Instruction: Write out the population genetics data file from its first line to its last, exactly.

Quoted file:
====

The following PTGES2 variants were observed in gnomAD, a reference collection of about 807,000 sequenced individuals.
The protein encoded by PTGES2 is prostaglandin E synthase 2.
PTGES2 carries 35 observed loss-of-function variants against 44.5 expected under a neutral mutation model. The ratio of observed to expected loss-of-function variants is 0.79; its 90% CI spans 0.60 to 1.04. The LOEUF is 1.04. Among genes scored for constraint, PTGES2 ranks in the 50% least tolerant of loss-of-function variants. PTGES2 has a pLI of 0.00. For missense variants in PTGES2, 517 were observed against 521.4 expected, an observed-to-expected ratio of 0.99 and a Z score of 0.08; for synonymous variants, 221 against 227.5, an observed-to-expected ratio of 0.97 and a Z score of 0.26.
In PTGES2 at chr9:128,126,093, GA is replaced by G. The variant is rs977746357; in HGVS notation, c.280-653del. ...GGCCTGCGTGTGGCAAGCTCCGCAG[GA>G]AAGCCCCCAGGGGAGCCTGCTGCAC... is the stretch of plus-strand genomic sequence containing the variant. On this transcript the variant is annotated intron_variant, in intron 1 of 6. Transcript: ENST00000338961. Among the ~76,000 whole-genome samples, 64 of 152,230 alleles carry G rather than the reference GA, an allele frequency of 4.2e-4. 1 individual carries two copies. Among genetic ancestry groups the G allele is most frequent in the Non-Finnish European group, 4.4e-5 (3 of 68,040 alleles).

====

The following PTGES2 variants were observed in gnomAD, a reference collection of about 807,000 sequenced individuals.
The protein encoded by PTGES2 is prostaglandin E synthase 2.
PTGES2 carries 35 observed loss-of-function variants against 44.5 expected under a neutral mutation model. The ratio of observed to expected loss-of-function variants is 0.79; its 90% CI spans 0.60 to 1.04. The LOEUF is 1.04. Among genes scored for constraint, PTGES2 ranks in the 50% least tolerant of loss-of-function variants. PTGES2 has a pLI of 0.00. For missense variants in PTGES2, 517 were observed against 521.4 expected, an observed-to-expected ratio of 0.99 and a Z score of 0.08; for synonymous variants, 221 against 227.5, an observed-to-expected ratio of 0.97 and a Z score of 0.26.
In PTGES2 at chr9:128,126,093, GA is replaced by G. The variant is rs977746357; in HGVS notation, c.280-653del. ...GGCCTGCGTGTGGCAAGCTCCGCAG[GA>G]AAGCCCCCAGGGGAGCCTGCTGCAC... is the stretch of plus-strand genomic sequence containing the variant. On this transcript the variant is annotated intron_variant, in intron 1 of 6. Transcript: ENST00000338961. Among the ~76,000 whole-genome samples, 64 of 152,230 alleles carry G rather than the reference GA, an allele frequency of 4.2e-4. 1 individual carries two copies. Among genetic ancestry groups the G allele is most frequent in the Non-Finnish European group, 4.4e-5 (3 of 68,040 alleles).